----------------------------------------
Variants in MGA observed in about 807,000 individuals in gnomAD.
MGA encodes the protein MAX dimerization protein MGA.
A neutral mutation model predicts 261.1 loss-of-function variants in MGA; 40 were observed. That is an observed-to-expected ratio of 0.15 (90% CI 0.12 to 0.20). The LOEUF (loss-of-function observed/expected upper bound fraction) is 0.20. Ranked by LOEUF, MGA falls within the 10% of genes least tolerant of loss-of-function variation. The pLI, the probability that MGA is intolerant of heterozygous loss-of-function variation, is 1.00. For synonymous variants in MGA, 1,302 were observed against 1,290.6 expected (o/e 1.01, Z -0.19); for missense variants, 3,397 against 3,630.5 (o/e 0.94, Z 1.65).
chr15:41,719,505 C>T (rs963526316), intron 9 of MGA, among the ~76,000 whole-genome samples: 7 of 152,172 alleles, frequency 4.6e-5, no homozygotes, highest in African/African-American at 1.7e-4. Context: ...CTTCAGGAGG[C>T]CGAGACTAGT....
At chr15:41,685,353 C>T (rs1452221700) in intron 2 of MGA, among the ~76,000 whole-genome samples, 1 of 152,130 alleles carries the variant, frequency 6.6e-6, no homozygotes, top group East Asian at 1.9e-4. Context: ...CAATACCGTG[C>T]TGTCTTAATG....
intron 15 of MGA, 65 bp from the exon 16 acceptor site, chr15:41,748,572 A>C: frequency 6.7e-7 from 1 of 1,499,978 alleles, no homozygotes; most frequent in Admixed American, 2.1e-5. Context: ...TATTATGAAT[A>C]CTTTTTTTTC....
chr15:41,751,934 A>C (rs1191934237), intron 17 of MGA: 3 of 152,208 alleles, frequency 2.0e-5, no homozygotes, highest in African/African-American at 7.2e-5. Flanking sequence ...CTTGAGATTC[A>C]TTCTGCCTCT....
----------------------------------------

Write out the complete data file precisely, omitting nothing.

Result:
Variants in MGA observed in about 807,000 individuals in gnomAD.
MGA encodes the protein MAX dimerization protein MGA.
A neutral mutation model predicts 261.1 loss-of-function variants in MGA; 40 were observed. That is an observed-to-expected ratio of 0.15 (90% CI 0.12 to 0.20). The LOEUF (loss-of-function observed/expected upper bound fraction) is 0.20. Ranked by LOEUF, MGA falls within the 10% of genes least tolerant of loss-of-function variation. The pLI, the probability that MGA is intolerant of heterozygous loss-of-function variation, is 1.00. For synonymous variants in MGA, 1,302 were observed against 1,290.6 expected (o/e 1.01, Z -0.19); for missense variants, 3,397 against 3,630.5 (o/e 0.94, Z 1.65).
chr15:41,719,505 C>T (rs963526316), intron 9 of MGA, among the ~76,000 whole-genome samples: 7 of 152,172 alleles, frequency 4.6e-5, no homozygotes, highest in African/African-American at 1.7e-4. Context: ...CTTCAGGAGG[C>T]CGAGACTAGT....
At chr15:41,685,353 C>T (rs1452221700) in intron 2 of MGA, among the ~76,000 whole-genome samples, 1 of 152,130 alleles carries the variant, frequency 6.6e-6, no homozygotes, top group East Asian at 1.9e-4. Context: ...CAATACCGTG[C>T]TGTCTTAATG....
intron 15 of MGA, 65 bp from the exon 16 acceptor site, chr15:41,748,572 A>C: frequency 6.7e-7 from 1 of 1,499,978 alleles, no homozygotes; most frequent in Admixed American, 2.1e-5. Context: ...TATTATGAAT[A>C]CTTTTTTTTC....
chr15:41,751,934 A>C (rs1191934237), intron 17 of MGA: 3 of 152,208 alleles, frequency 2.0e-5, no homozygotes, highest in African/African-American at 7.2e-5. Flanking sequence ...CTTGAGATTC[A>C]TTCTGCCTCT....